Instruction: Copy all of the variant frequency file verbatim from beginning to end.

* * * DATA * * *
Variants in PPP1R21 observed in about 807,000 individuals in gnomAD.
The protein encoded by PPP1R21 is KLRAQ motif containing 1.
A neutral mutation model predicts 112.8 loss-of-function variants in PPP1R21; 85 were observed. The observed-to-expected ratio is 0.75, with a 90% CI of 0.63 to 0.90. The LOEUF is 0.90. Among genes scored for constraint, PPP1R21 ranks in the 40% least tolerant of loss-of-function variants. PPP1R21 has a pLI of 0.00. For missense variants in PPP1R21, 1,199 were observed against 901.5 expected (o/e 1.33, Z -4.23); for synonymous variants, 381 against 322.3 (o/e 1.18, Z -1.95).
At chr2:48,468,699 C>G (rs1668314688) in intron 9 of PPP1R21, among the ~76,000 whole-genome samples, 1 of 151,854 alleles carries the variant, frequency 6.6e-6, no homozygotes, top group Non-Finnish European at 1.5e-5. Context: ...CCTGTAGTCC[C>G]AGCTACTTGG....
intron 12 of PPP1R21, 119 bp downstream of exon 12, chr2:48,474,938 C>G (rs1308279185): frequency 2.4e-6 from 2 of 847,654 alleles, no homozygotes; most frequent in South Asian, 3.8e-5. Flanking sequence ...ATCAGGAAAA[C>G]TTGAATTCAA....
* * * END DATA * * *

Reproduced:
Variants in PPP1R21 observed in about 807,000 individuals in gnomAD.
The protein encoded by PPP1R21 is KLRAQ motif containing 1.
A neutral mutation model predicts 112.8 loss-of-function variants in PPP1R21; 85 were observed. The observed-to-expected ratio is 0.75, with a 90% CI of 0.63 to 0.90. The LOEUF is 0.90. Among genes scored for constraint, PPP1R21 ranks in the 40% least tolerant of loss-of-function variants. PPP1R21 has a pLI of 0.00. For missense variants in PPP1R21, 1,199 were observed against 901.5 expected (o/e 1.33, Z -4.23); for synonymous variants, 381 against 322.3 (o/e 1.18, Z -1.95).
At chr2:48,468,699 C>G (rs1668314688) in intron 9 of PPP1R21, among the ~76,000 whole-genome samples, 1 of 151,854 alleles carries the variant, frequency 6.6e-6, no homozygotes, top group Non-Finnish European at 1.5e-5. Context: ...CCTGTAGTCC[C>G]AGCTACTTGG....
intron 12 of PPP1R21, 119 bp downstream of exon 12, chr2:48,474,938 C>G (rs1308279185): frequency 2.4e-6 from 2 of 847,654 alleles, no homozygotes; most frequent in South Asian, 3.8e-5. Flanking sequence ...ATCAGGAAAA[C>G]TTGAATTCAA....